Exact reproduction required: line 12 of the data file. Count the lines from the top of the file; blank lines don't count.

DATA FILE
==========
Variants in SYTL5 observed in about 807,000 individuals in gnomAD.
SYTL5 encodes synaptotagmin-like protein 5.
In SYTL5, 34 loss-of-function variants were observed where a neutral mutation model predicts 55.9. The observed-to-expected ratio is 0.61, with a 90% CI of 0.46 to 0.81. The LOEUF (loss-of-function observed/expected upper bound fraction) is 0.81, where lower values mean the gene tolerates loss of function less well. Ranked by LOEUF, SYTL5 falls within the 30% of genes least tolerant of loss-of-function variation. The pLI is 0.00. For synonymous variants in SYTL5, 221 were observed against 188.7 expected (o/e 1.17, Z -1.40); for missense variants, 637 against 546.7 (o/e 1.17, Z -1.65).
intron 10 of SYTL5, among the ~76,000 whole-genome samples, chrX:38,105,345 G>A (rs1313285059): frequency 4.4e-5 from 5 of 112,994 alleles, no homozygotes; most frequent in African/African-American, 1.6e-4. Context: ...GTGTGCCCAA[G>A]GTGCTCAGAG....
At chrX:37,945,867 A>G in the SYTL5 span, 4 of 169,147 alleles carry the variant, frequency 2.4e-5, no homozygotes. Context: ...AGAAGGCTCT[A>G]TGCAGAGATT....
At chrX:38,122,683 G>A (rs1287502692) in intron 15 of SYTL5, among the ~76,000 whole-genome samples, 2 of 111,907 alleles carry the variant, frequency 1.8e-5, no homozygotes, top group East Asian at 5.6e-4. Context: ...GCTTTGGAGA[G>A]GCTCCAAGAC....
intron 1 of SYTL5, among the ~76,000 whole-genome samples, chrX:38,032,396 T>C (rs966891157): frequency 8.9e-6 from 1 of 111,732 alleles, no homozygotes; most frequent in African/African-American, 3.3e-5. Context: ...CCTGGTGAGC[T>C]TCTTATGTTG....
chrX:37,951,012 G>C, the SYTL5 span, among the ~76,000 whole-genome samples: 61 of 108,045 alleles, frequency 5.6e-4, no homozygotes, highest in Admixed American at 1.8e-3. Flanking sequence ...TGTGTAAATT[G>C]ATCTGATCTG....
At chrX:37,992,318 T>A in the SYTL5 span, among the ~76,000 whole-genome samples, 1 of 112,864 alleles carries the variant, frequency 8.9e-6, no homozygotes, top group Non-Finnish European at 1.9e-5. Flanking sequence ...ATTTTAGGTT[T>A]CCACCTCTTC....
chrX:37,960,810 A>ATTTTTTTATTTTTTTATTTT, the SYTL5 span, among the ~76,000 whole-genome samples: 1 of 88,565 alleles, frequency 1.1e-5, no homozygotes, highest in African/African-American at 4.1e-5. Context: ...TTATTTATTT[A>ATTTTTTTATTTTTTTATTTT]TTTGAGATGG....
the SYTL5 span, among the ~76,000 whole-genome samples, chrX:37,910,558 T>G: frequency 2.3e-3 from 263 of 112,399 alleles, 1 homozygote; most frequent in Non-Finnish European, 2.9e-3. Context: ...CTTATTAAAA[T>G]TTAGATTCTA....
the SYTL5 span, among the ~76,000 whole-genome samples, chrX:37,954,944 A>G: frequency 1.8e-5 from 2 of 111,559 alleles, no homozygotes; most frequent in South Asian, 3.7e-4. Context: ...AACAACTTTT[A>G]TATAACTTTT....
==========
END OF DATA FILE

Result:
the SYTL5 span, among the ~76,000 whole-genome samples, chrX:37,954,944 A>G: frequency 1.8e-5 from 2 of 111,559 alleles, no homozygotes; most frequent in South Asian, 3.7e-4. Context: ...AACAACTTTT[A>G]TATAACTTTT....